More works that caught my eye:
2. Chanel and Perrier by Leo Liu
3. Prihatin #3 by Budi Eka Putra
Inspired by daily objects, animals and geometric forms, Budi Eka Putra creates superimposed images that combine all these elements. Typography is a recurrent object in his work such as numbers and fonts where he experiments with lettering, size and composition. He is part of the Sakato Group, Indonesia’s up and coming artistic collective from the region of Sumatra, which is expected to become the next Jendela Group.
4. Chandelier series by Sarah Choo
Exploring themes of escapism, childhood and family, artist Sarah Choo uses the recurrent motif of a suspended dress as a representation of her presence in a self created and whimsical realm. More recently, she has begun to portray herself as a marionette in large scale set productions, so as to immerse herself in these alternate realities. Forced to confront the imaginary spaces, she begins to unravel the layers behind her obsession and desire to delve into fantastical lands. Sarah’s passion for oil painting and her newly acquired interest in photography lay the foundations for this young artist’s career.
5. Untitled by Will & Caro
I really love these chiyogami pieces. Something about them being aligned neatly in a row, with strategic placements of individual colored items in a grid of white = 100% appeals to Type A folks like me. :P
Primarily working with washi (Japanese paper) Will and Caro create stunning art pieces with a story to tell. The focus is on the simplicity, purity and delicacy of working with paper, a dying culture among the technology advancing era. Carolyn has a fascination with geometry balanced against subtle textures and intricate patterns, while William is intrigued with movement and disorder. Both work collaboratively on designs that evoke calmness yet also tantalizing a magnitude of senses. The inspiration lies behind nature in that its design is both deliberate and effortless which is reminiscent in some ways of the life experiences unique to each individual.
6. Instant Karma by Billy Ma
7. Isa Ansory
Isa Ansory has worked incessantly to create images that have powerful messages, especially by alluding to problematic issues such as the environment, poverty, inequality and the uncertainty of the future. With careful brushstrokes and the use of intense colors, he depicts these issues in an unexpected way, mainly through children’s imagery, as their future and them will be affected by the mistakes of today.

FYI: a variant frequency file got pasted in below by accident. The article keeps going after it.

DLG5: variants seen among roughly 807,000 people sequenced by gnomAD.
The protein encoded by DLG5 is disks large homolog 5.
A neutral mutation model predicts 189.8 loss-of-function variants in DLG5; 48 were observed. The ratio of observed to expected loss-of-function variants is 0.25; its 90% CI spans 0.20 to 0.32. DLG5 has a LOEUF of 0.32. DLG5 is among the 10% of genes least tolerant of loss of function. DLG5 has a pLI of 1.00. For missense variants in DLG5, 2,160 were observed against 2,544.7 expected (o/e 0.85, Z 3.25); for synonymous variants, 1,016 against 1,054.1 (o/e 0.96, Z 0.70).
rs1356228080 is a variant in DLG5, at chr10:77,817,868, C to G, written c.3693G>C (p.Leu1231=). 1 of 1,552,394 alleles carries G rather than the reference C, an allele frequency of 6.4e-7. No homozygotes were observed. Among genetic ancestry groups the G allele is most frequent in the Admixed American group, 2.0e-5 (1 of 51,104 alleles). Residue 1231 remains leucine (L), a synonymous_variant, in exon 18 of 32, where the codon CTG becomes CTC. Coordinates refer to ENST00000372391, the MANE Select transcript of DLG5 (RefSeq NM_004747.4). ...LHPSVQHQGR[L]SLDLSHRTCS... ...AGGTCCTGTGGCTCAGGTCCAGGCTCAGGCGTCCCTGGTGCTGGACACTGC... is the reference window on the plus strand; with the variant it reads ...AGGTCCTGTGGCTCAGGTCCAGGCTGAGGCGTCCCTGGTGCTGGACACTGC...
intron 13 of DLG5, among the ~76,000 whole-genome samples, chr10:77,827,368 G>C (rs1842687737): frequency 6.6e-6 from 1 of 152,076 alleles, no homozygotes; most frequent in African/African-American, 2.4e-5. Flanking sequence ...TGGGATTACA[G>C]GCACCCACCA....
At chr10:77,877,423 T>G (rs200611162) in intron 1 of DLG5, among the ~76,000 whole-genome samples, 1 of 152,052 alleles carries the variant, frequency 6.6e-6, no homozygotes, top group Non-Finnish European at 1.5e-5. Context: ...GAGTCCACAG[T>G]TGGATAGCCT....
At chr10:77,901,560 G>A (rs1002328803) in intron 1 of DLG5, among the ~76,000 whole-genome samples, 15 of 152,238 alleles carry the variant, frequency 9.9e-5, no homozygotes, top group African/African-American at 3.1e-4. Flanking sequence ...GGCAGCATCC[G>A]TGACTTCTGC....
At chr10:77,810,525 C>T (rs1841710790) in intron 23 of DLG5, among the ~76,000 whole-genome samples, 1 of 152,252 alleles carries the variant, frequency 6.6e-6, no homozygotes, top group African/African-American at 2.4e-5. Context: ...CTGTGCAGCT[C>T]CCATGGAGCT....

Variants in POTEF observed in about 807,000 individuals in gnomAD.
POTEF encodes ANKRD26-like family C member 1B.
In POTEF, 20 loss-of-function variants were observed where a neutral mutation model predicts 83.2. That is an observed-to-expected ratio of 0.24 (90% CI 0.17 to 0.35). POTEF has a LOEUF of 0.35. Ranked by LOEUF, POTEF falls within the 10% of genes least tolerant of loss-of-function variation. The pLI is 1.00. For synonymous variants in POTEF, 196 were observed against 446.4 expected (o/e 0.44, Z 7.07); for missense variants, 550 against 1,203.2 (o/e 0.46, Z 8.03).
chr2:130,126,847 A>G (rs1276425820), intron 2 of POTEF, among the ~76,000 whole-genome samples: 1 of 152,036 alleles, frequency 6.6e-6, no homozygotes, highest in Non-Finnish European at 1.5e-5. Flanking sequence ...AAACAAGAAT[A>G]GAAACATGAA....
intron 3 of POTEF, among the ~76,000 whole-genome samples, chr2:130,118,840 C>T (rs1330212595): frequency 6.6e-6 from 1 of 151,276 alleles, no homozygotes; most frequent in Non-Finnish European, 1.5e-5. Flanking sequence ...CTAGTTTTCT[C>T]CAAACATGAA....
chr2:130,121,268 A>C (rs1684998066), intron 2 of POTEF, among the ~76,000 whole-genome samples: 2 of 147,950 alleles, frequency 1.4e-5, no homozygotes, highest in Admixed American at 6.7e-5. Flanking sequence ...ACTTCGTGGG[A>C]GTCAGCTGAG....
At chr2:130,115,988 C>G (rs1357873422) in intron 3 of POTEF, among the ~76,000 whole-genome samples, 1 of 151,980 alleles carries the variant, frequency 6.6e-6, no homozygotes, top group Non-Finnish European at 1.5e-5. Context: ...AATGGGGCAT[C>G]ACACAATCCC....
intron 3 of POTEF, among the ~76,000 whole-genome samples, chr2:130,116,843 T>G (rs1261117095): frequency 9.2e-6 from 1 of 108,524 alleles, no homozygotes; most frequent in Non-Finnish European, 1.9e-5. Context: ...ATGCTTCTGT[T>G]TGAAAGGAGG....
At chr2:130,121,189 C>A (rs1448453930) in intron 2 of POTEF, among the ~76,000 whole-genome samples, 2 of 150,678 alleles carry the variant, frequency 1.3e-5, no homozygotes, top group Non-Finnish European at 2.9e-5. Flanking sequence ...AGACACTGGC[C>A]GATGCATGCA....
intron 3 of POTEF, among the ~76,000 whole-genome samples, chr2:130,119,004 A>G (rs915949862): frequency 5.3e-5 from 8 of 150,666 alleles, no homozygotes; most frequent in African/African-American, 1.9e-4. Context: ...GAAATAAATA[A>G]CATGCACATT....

8. Tin Lizzie by Jon Homewood
Now here’s something really amusing that happened during the art fair. You may or may not have noticed the bag which I was carrying that day. It basically got a lot of attention from the gallery people as well as random patrons during the fair; one of whom pointed out that I needed to check out such and such booth which had a display of a metal lizard made of the same material and using the same technique. Naturally I beelined my way to locate this booth and lo-and-behold, there it was. A huge lizard made out of recycled sodacan tabs (which are what my bag was made of)!
Upon discovering this coincidence, the artist Jon and I joked about how my bag would be the continuation art commentary to his lizard masterpiece, ie. exotic near-extinct animal killed and its skin made into a high-end bag. :p Heh!
Joking aside, my bag is of course not high-end – d’uhhh. I picked it up at Paris, it’s handcrafted by Brazilian fair trade artist cooperatives and part of Pull Tabs for Charity (eco-conscious and charity initiative). In short, for a good cause. Get your own bag or other accessories here. Look stylish while doing your part for the world. ;)
So that concluded my AAF 2011 experience. Like I’ve written earlier, I brought home several pieces of art work for my walls. As a first-time art buyer, it was very exciting and very scary at the same time. Buying art is a very emotional decision! Daunting at first, but after a couple glasses of wine, walking around the fair a bit before looking at the intended pieces again with fresh eyes, all was well.
Then came the time to submit payment…… oh lawd, my hands were trembling. -___-” Sure, the event was Affordable Art Fair but “affordable” was highly subjective. In the end, I made peace by reminding myself that this had all been allocated for from the home decor budget. :)
I bought four pieces total this time (if you’re following me on Instagram, you’d have gotten sneak peeks of which pieces I got). And a couple of them couldn’t fit in the car. D’oh!!! :P
Happy art owner. *^_^* See you in 2012, AAF!